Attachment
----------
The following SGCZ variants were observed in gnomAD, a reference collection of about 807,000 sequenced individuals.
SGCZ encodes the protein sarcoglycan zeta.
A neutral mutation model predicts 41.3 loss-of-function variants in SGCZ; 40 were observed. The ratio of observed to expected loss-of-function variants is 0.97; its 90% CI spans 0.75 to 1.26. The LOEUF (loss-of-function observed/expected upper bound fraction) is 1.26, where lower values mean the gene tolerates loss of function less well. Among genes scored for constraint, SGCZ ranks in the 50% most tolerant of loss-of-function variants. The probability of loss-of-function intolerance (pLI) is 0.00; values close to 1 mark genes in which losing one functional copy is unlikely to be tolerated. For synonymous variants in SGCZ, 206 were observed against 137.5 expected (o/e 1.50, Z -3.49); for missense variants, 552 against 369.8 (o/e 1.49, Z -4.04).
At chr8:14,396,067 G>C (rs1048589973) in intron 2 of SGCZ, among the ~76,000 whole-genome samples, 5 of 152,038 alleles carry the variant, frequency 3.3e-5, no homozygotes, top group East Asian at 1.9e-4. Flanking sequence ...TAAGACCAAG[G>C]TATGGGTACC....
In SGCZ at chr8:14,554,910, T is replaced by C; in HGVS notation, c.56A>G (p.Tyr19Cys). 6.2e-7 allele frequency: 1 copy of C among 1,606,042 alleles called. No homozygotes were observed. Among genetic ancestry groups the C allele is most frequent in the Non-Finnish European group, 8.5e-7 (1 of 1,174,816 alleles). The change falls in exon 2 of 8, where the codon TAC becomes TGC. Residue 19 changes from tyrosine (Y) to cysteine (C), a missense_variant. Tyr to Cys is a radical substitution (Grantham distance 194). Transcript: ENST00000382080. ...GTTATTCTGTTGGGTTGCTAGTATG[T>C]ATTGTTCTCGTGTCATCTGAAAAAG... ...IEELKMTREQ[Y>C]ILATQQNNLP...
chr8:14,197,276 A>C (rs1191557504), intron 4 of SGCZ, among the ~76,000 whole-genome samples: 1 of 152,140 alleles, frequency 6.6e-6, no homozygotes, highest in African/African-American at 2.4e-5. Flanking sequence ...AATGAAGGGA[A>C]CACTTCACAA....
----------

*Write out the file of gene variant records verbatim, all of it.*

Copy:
The following SGCZ variants were observed in gnomAD, a reference collection of about 807,000 sequenced individuals.
SGCZ encodes the protein sarcoglycan zeta.
A neutral mutation model predicts 41.3 loss-of-function variants in SGCZ; 40 were observed. The ratio of observed to expected loss-of-function variants is 0.97; its 90% CI spans 0.75 to 1.26. The LOEUF (loss-of-function observed/expected upper bound fraction) is 1.26, where lower values mean the gene tolerates loss of function less well. Among genes scored for constraint, SGCZ ranks in the 50% most tolerant of loss-of-function variants. The probability of loss-of-function intolerance (pLI) is 0.00; values close to 1 mark genes in which losing one functional copy is unlikely to be tolerated. For synonymous variants in SGCZ, 206 were observed against 137.5 expected (o/e 1.50, Z -3.49); for missense variants, 552 against 369.8 (o/e 1.49, Z -4.04).
At chr8:14,396,067 G>C (rs1048589973) in intron 2 of SGCZ, among the ~76,000 whole-genome samples, 5 of 152,038 alleles carry the variant, frequency 3.3e-5, no homozygotes, top group East Asian at 1.9e-4. Flanking sequence ...TAAGACCAAG[G>C]TATGGGTACC....
In SGCZ at chr8:14,554,910, T is replaced by C; in HGVS notation, c.56A>G (p.Tyr19Cys). 6.2e-7 allele frequency: 1 copy of C among 1,606,042 alleles called. No homozygotes were observed. Among genetic ancestry groups the C allele is most frequent in the Non-Finnish European group, 8.5e-7 (1 of 1,174,816 alleles). The change falls in exon 2 of 8, where the codon TAC becomes TGC. Residue 19 changes from tyrosine (Y) to cysteine (C), a missense_variant. Tyr to Cys is a radical substitution (Grantham distance 194). Transcript: ENST00000382080. ...GTTATTCTGTTGGGTTGCTAGTATG[T>C]ATTGTTCTCGTGTCATCTGAAAAAG... ...IEELKMTREQ[Y>C]ILATQQNNLP...
chr8:14,197,276 A>C (rs1191557504), intron 4 of SGCZ, among the ~76,000 whole-genome samples: 1 of 152,140 alleles, frequency 6.6e-6, no homozygotes, highest in African/African-American at 2.4e-5. Flanking sequence ...AATGAAGGGA[A>C]CACTTCACAA....